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The Internet is a pretty big place, a veritable universe of ideas and images, at once an inventory of just about everything that exists in the natural world and an ever-expanding cosmos in and of itself. Yet as a medium of representation, the 'net borrows much of its source material from real life, and I was duly captivated by this recent short film about the final frontier.
On the 40th anniversary of the famous 'Blue Marble' photograph taken of Earth from space, Planetary Collective presents a short film documenting astronauts' life-changing stories of seeing the Earth from the outside—a perspective-altering experience often described as the Overview Effect.
Although I found the first half of the film to be absolutely riveting, I felt that it dragged a bit in the middle; nevertheless, the remarkable footage is poignant throughout. And if the broader takeaway message of "Overview" rings clear and true, even the less universal aspects of orbit bear further consideration. Commander Sunita "Sunny" Williams' 25-minute tour of the International Space Station makes for a felicitous companion piece to the Planetary Collective short, something like a home video... in space (Kottke calls it the "nerdiest episode of MTV Cribs").
Similarly, the Smithsonian's Air & Space Magazine has just posted a detailed account of the final mission from July 2011, a worthy document of the end of an era. Between Felix Baumgartner's world record freefall, last year's successful Martian reconnaissance mission and more recent news of habitable planets, our species' abiding obsession with space travel not only as a symbolic endeavor but also a commercially viable enterprise... if not an altogether necessary one.
Hence, Final Fronter Design's crowdfunded 3G Spacesuit, billed as "a flight certified space suit for the burgeoning commercial space industry!" I'm surprised the project flew under our radar during the KS campaign last summer, but we'll definitely be keeping our eye on Ted and Nik as they continue to refine their consumer-oriented space gear. (If the winsome video has piqued your interest, Wired published a nice profile of the Brooklyn-based bootstrappers to see them into the final week of their campaign in July.) And while we're on the topic of fabricating spacesuits, here's a supercut of space helmets in movies for good measure:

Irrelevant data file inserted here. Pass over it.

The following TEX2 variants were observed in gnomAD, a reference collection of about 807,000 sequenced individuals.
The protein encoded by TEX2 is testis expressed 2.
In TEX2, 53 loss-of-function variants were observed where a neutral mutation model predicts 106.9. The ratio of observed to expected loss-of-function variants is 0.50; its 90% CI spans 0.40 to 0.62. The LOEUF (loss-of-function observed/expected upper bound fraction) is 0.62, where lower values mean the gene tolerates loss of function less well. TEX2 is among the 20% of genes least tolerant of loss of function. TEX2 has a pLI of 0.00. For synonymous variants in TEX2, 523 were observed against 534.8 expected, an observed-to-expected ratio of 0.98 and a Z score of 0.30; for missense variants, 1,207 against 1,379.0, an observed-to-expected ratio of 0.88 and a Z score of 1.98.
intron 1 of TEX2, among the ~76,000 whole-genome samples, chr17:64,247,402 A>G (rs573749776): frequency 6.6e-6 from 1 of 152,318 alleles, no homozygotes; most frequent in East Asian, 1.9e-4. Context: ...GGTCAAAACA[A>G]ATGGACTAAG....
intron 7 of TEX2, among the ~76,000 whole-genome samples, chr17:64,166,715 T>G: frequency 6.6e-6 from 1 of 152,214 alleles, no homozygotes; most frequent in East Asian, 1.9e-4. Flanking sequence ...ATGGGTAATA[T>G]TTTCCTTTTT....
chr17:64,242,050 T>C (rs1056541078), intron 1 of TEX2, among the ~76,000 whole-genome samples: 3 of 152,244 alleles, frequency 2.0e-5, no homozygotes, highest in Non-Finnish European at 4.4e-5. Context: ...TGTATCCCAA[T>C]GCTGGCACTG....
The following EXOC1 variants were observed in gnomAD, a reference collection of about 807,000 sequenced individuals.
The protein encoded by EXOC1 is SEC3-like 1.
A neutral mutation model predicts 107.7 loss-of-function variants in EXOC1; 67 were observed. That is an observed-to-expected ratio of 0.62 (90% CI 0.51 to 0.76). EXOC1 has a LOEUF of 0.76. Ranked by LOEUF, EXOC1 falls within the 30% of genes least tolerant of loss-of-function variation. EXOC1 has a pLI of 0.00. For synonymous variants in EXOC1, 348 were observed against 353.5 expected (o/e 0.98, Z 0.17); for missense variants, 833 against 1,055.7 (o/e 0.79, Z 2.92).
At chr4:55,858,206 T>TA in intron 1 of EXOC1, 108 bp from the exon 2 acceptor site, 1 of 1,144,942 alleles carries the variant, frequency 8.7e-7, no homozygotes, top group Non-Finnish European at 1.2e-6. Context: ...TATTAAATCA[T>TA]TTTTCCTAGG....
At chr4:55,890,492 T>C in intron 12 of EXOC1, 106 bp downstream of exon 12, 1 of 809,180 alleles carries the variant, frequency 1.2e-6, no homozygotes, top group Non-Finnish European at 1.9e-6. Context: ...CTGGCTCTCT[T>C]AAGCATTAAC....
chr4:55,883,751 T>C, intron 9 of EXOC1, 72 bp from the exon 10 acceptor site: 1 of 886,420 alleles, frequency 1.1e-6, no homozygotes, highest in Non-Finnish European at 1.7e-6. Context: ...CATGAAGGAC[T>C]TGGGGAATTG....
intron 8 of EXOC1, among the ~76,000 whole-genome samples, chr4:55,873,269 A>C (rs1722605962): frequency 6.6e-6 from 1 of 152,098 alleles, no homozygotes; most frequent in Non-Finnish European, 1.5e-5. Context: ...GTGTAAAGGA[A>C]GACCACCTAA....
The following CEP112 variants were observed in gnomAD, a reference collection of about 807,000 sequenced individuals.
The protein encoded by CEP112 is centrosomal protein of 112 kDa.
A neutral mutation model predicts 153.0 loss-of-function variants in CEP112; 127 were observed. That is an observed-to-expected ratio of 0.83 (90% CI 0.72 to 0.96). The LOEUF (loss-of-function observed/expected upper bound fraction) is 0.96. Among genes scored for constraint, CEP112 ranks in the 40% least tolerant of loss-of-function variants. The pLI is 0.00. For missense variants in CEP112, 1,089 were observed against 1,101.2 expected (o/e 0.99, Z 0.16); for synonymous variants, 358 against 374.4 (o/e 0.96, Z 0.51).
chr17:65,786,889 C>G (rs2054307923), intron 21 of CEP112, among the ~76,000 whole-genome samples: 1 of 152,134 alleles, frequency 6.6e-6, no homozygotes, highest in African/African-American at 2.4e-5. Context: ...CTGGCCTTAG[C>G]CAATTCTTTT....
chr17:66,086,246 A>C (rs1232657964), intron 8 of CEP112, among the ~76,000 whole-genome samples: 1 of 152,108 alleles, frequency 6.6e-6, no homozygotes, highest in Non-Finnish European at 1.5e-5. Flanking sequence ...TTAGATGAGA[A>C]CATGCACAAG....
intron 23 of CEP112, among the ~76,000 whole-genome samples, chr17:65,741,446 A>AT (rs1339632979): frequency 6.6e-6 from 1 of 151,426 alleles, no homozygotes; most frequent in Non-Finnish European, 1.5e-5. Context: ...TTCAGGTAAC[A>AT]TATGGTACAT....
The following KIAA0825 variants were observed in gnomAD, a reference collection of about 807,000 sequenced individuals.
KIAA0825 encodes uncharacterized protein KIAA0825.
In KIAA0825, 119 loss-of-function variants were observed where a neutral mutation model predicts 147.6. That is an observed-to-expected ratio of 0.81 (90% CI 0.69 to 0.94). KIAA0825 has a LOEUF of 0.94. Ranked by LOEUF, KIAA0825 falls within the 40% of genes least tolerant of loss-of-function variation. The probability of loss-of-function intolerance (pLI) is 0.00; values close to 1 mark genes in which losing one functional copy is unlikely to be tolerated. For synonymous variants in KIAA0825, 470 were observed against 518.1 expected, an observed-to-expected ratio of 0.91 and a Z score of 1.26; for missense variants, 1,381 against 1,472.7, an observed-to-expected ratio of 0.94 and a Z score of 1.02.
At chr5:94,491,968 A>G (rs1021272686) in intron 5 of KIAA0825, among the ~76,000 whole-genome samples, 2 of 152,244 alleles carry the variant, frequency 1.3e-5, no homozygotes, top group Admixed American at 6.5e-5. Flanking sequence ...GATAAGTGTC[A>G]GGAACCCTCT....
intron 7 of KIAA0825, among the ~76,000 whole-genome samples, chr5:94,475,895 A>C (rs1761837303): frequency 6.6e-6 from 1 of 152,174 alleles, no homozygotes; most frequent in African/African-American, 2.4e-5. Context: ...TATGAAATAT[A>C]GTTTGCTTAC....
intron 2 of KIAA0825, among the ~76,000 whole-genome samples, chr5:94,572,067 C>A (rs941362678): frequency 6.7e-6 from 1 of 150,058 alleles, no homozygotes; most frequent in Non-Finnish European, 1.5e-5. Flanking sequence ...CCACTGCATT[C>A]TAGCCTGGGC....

Helmet tip, in a manner of speaking, to Laughing Squid
Of course, we've seen no shortage of speculation on space travel in film (I was interested to learn that artist/inventor Ted Southern of Final Frontier specializes in costumes and special effects), the subject of a recent forum forum discussion entitled "2013, a Year for Epic Sci-Fi." Mike DiTullo launched the thread with a trio of promising trailers, and insofar as industrial design and science fiction go hand in hand, his fellow designerse share his enthusiasm for big-budget flicks such as "Oblivion" and "After Earth," geeking out in the best sense of the word. Jon Winebrenner, for one, posted the Star Trek1 trailer below, as well as a related gem, a slick look at the special effects for The Avengers (which hipstomp has scrutinized in two separate posts).
Meanwhile, Robert Johnston notes that the "dramatic low frequency 'drone' sound" in new sci-fi trailers is "sooooooooo overdone"; Sanjy009 surmises that the originated with Inception as he added Kaleb Lechowski's viral short "R'ha" to the list. In the spirit of the "Famous Film Scenes Set to Inception Music" meme from last year, here's the Star Trek: Into Darkness trailer set to Inception music; mute the video on the right for full effect (because we all know that YouTube Doubler was invented to mash-up movie trailers with the überdramatic Zack Hemsey composition2).
As our understanding of outer space grows, so too do our dreams of just how far we might be able to go, the cosmos ever a domain somewhere between fact and fiction. At this point, we'd be remiss not to mention our exclusive 'studio' visit to NASA from 2008, a treat for any designer who's dreamed of taking on the challenge of design for the most extreme environments known (or unknown) to man. Readers are welcome to share space-related news and videos in the comments; seeing as I've already devoted half a day to 'research'—read: watching sweet sci-fi trailers—I might as well continue down the rabbit hole... or should I say wormhole?
2. Contrary to popular belief, "Mind Heist" was not composed by Hans Zimmer. Also recommended: watching space footage alongside anything by M83 or Sigur Ros.